“I remember when we prayed for everything that we have now” is a quote I stumbled across a few months ago. I was reminded of it one evening as we sat down on our younger son’s bed to read a Bible story. As I looked around the room scattered with toys and peppered with the joyful laughter of silly, sleepy children, I realized that we had everything that we had ever dreamed of. Starting a family was not easy for us, but here we were bookended by two little boys and a dog at our feet in a home that we owned. It was a poignant moment for me. I am sure that most mothers have moments like these. In fact, in most ways, being an adoptive mom is no different than being the mom to biological children. I may not have given birth to my child, but I want the very best for my child, just like any other mom. We all sacrifice sleep, time, and money to provide the very best that we can for our children. We have our hearts broken when they cry or when they reject us. We get angry when people hurt our children. We love them fiercely and would die for them. We will do just about anything to hear them laugh those delightfully deep belly laughs. I have never been a biological mother, but I know a thing or two about being an adoptive mama, and I imagine that the basics are quite similar. However, there are some unique aspects of adoption that should not be overlooked.
Thoughts About Bonding
Adoption is an amazing experience. Hard and sometimes frustrating, yes, but amazing all the same. I treasure the way our family was made. God put us together in a way that defies comprehension. Many women fear adoption because they fear that they will not bond with their adopted child in the same way a biological mother bonds with her child. From before time began, God knew that my children would not grow in my womb. He knew that I would fall madly in love with two little boys whom I had never met, but whom my heart claimed as mine. It is true that, for some, the bonding process is very, very hard; but it is also true that some biological mothers struggle to bond with their children as well. Do not let the fear of what may or may not happen keep you from experiencing the joy of your child.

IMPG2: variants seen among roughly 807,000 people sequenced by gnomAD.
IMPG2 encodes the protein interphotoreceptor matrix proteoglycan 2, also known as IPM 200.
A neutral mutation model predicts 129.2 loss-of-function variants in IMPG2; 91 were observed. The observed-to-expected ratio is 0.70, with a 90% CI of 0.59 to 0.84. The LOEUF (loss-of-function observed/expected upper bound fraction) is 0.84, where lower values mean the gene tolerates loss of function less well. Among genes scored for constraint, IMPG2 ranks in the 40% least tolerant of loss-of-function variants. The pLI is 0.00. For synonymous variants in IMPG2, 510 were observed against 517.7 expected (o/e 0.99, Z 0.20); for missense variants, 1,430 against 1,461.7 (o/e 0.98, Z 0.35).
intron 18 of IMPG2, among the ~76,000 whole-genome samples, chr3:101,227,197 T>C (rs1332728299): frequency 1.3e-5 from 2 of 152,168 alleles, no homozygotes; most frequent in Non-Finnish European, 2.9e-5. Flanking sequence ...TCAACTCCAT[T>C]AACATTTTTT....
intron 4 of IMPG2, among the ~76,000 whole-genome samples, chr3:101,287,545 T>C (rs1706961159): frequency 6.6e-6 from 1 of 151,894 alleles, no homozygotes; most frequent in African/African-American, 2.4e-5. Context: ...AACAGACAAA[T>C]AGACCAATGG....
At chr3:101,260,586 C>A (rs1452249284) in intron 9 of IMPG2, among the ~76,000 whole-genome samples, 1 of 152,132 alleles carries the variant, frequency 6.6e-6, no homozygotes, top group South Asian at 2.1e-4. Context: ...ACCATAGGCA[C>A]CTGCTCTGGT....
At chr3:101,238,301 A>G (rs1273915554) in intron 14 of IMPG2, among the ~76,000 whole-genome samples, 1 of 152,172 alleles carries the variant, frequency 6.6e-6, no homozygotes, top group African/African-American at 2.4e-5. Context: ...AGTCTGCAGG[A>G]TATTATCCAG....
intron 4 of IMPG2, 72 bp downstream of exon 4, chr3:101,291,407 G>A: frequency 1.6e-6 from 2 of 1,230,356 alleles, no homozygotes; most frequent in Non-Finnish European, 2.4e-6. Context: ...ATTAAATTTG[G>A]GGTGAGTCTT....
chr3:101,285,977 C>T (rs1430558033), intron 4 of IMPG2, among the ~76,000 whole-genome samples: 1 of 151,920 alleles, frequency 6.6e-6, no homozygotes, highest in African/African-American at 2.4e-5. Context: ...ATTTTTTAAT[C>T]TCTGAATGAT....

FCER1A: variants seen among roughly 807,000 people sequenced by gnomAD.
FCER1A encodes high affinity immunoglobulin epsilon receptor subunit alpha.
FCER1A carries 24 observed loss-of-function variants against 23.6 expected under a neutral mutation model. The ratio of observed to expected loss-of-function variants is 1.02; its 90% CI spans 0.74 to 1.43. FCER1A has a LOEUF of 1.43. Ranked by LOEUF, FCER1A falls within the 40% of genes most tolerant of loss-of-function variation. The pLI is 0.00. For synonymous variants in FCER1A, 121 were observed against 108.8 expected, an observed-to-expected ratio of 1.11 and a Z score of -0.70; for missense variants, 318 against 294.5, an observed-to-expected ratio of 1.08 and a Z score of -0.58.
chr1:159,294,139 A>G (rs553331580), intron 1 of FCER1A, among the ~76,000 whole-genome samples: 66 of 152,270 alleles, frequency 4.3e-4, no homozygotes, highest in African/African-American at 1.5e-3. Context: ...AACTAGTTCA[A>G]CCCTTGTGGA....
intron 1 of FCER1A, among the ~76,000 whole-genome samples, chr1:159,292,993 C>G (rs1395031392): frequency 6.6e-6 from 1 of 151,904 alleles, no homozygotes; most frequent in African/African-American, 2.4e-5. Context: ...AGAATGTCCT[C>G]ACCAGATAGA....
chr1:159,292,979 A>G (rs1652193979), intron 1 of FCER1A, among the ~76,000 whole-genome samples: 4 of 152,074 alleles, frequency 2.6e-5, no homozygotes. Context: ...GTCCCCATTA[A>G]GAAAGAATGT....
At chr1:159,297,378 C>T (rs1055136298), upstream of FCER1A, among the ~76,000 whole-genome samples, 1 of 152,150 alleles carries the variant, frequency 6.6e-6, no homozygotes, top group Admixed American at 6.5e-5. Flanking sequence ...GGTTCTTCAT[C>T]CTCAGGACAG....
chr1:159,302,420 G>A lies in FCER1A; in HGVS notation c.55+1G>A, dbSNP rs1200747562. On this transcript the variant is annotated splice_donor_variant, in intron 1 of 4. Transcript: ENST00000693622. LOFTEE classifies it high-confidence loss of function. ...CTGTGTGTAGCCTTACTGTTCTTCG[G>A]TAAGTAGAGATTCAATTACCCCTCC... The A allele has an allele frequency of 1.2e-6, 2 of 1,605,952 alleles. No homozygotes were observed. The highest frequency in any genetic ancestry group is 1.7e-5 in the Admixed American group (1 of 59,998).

Our first son was a little over three weeks old when we brought him home from his interim care family, who had cared for him since he was a few days old. I treasure the first time I saw and held him, the ride home, and the first time I fed him. He was pure magic, but that evening, he would not settle, as was to be expected. He had left all that was familiar to him and was with new people, with a new scent, in a new home. I remember sitting on the floor crying as my husband lovingly took him from me when I could not get him to settle. My thought was that a mother should be able to comfort her child. I was terrified that I was not enough. I watched in awe as he nestled into his daddy’s chest and fell into a deep sleep. Once we had all settled down, the awe remained. I felt so bad that I had rocked his little world, but I was so grateful that God had brought our family together. We had waited for over 12 years as a couple for this moment, and though my heart was sad to hear him cry, I was incredibly grateful. As it turns out, I need not have worried at all. I had the ability to calm my child and would have many more opportunities throughout his life.